Mr. President, You Said It All: AT Age 51 Nigeria Is Still In a State of Institutional Collapse Because of Leadership Disorderliness?
Sir, the depth and enduring nature of Nigeria's institutional woes
has proved fertile ground for psychological analysis and guidance. And here is Why: Professional psychologists remain vast about the institutional effects of instability in regards to human hardship as in
many of life's grittier issues, among them are hopeless, pain,
helplessness and general nostalgia.
Sir, these psychological issues are direct consequences of Nigeria's disordered and ungoverned politics with ongoing massive negative effect on the masses. Ironically and notably, this same institutional disorderliness brings fraudulent gains to many in charge of our institutions.
Sir, in your speech to mark Nigeria's 51st anniversary of independence from British colonial powers in a just, open and despondent manner, you talked about institutional and systemic breakdown in the country.
Sir, there was need for you to propose a psychological overhaul of the nation's institutions , if we are to truly bring about a functioning system of institutions.
Sir, you talked about how our ministers' offices have been rotated into regular 'consultation' rooms. Could this be due to the need for a flamboyant lifestyle which can only persist through corrupt practices in order to feed their lifestyle?
It is not unusual to see on a daily basis how the powerful impoverish the trekking masses and motorized drivers with fleet of publicly issued luxurious cars, with privatized Nigerian police and mounted traffic jams on their way home apparently with their 'consultation'
Sir, you talked about Nigerian Doctors, who are mandated to protect lives, habitually end up killing people as they did to my mother, and nobody takes action because the institutions that should control and monitor their activities have apparently become exasperated.
Sir, you talked about the nation running on a deficit budget because the institutions that are in charge of protecting public resources are persistently being affected with leakages, mentally of course.
Sir, there is a reason why many of them frequent your office. As you rightly pointed out the “system” is not working well because many of them could be struggling with a mindset of presidential dependency, which could be a sign of habitual helplessness, yet that is what you have surrounding you.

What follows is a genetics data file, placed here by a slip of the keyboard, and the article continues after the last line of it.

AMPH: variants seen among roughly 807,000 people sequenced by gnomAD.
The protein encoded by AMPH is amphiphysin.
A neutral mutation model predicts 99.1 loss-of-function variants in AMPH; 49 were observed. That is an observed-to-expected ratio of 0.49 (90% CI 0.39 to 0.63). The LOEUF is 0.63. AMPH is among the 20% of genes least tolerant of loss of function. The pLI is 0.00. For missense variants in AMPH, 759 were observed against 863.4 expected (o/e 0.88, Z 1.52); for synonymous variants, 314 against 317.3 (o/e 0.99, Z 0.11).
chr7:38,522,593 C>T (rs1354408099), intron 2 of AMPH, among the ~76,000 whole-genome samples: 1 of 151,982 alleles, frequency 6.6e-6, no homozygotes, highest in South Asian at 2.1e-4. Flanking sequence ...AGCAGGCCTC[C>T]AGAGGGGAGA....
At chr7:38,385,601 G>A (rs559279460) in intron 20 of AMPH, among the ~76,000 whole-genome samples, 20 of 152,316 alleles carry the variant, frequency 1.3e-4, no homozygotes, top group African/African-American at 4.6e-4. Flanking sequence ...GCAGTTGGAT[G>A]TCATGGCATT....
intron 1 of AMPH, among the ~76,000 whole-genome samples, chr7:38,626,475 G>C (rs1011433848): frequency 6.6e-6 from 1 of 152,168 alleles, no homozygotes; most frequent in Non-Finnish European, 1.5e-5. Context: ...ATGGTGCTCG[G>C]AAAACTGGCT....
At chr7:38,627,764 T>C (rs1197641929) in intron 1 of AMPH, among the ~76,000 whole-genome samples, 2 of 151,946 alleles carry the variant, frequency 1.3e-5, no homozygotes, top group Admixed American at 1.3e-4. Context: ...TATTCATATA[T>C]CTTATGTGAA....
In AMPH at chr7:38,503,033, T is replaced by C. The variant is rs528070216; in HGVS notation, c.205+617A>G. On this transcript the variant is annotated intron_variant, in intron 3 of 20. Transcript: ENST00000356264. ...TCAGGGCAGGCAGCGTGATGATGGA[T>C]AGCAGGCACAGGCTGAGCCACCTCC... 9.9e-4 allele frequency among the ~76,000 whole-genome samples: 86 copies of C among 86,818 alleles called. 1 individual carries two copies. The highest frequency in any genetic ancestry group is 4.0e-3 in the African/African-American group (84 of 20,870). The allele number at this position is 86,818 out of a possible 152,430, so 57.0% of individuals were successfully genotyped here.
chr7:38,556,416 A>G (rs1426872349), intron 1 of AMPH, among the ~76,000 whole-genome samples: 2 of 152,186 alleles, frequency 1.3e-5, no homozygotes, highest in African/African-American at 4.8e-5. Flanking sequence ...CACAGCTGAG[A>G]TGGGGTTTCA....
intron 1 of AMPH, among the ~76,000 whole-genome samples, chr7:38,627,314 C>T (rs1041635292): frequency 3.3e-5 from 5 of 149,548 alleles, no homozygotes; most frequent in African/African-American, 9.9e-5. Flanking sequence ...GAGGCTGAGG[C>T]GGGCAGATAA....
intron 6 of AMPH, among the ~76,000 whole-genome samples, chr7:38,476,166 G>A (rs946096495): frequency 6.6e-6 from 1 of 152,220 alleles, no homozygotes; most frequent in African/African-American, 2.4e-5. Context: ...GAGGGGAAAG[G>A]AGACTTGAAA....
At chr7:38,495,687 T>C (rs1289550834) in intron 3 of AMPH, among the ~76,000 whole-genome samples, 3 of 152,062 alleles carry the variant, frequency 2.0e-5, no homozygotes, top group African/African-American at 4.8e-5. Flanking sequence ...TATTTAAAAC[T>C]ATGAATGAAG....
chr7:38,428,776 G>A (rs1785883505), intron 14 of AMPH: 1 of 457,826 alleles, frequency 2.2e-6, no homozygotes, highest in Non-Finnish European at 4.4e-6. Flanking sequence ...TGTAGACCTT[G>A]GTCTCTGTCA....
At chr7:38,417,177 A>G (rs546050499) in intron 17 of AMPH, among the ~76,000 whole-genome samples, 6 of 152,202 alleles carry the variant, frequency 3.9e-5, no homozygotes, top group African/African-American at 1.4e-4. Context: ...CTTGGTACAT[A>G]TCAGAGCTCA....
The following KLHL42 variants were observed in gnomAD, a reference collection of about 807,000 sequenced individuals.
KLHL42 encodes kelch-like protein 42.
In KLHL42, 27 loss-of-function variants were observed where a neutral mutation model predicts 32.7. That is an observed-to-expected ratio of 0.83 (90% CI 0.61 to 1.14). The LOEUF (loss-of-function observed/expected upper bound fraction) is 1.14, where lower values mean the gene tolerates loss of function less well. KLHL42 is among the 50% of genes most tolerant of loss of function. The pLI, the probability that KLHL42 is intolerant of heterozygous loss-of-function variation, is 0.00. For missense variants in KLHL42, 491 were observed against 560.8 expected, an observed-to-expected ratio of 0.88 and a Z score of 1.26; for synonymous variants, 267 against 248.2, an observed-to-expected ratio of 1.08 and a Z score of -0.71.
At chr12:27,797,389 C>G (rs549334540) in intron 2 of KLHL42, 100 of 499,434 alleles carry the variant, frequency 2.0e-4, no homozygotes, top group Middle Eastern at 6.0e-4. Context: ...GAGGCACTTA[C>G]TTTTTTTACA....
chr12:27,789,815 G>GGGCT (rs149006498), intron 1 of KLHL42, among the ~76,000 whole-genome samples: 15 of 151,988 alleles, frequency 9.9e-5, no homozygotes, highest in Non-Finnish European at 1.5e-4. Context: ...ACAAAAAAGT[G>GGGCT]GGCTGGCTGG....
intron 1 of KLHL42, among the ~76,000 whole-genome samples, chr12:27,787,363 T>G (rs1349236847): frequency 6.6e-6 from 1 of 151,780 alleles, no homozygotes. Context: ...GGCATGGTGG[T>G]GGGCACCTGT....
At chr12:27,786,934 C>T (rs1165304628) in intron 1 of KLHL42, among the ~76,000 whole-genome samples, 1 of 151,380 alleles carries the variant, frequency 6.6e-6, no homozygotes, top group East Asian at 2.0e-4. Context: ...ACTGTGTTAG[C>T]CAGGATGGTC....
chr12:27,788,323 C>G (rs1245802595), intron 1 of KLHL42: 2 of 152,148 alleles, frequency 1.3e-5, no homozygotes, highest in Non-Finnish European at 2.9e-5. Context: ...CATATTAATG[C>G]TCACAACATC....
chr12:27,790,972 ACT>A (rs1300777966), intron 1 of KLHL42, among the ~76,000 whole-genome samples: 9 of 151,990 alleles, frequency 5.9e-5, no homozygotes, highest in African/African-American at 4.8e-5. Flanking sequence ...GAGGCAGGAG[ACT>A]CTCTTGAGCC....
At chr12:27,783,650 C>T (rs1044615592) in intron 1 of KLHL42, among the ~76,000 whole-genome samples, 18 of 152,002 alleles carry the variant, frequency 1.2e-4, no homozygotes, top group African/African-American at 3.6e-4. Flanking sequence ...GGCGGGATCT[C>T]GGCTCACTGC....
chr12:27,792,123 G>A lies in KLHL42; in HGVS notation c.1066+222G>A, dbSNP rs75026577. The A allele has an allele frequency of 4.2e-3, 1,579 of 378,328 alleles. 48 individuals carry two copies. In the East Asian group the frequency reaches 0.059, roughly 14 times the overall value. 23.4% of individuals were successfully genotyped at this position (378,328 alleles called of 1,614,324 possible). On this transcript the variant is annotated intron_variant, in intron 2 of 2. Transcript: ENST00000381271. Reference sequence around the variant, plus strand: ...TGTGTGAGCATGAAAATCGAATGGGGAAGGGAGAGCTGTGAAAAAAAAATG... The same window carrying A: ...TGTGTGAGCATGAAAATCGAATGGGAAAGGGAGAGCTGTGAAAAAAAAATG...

Sir, you cited lack of accurate census figures and incorrect statistics on the economy as indicators of mass institutional fiascos. Sir, when some of them are sent to helpful lectures, meetings, training programs and similar activities they are either asleep during the lectures, runs way after a short stay or simply disappear from the lecture room. But they expect their supervisors and employees to attend and stay in the meetings. In the process there is confusion, as no one actually knows who is right in terms of information, and no one knows the current state of the art in matters of governance.
Sir, you talked about public workers not coming to work by “8am even though the period of service is between 8am and 4pm”, and you asked how many “directors come to work by 8am”.
Sir, there is value in work so if the ministers, directors and other senior officials could come to work on time the general workers will become more responsible for their own actions and behaviors through good attendance.
Sir, you stated that you are not “ going to chase them by carrying a big stick going into the ministries and breaking the heads of the people”. Sir, no one in their right mind wants to see a Hitler type of presidential leadership in you.
Sir, if as “a nation, we have to build strong institutions” as you rightly stated, approaches to institutional indiscipline should be accompanied with successive stiffer penalties. And mandating stiff penalties against those who refuse to participate in best practices in our institutions is only fair. And as a matter of fact, heavy fines on failing ministers and other public leaders could serve as a better chance of avoiding continued institutional collapse.
Sir, as you rightly know many public and corporate leaders remain overly wealthy, while about 80% of Nigerian citizens suffer below the poverty line.
Sir, some of these citizens are in pain and remain in the frontlines of economic struggles, and some are seeking solace by way of unusual behaviors like terrorism, kidnapping, armed robbery, violent civil unrest, inter-communal tensions, strikes, and prostitution.
Sir, many Nigerians for the first time in their lives feel very vulnerable, and ain't too proud of the giant of Africa—Nigeria.
Sir, your candid words will certainly give a spiritual lift to many Nigerians and help hit back against a sense of moral and physical decline in our public leaders.
Sir, professional psychology could help our public leaders recognize their strengths and resources for the betterment of their respective institutions.
Sir, the application of the science of positive psychology to improving our institutions could eventually be broadened to the society only if government agencies and leadership focus on integrating scientific and professional knowledge from psychology.
The Nigeria Psychological Association with all of its human resources and assets are ready to assist when called upon by the leadership and the presidency since psychology has stayed missing or neglected for far too long.
John Egbeazien Oshodi, [email protected], Abuja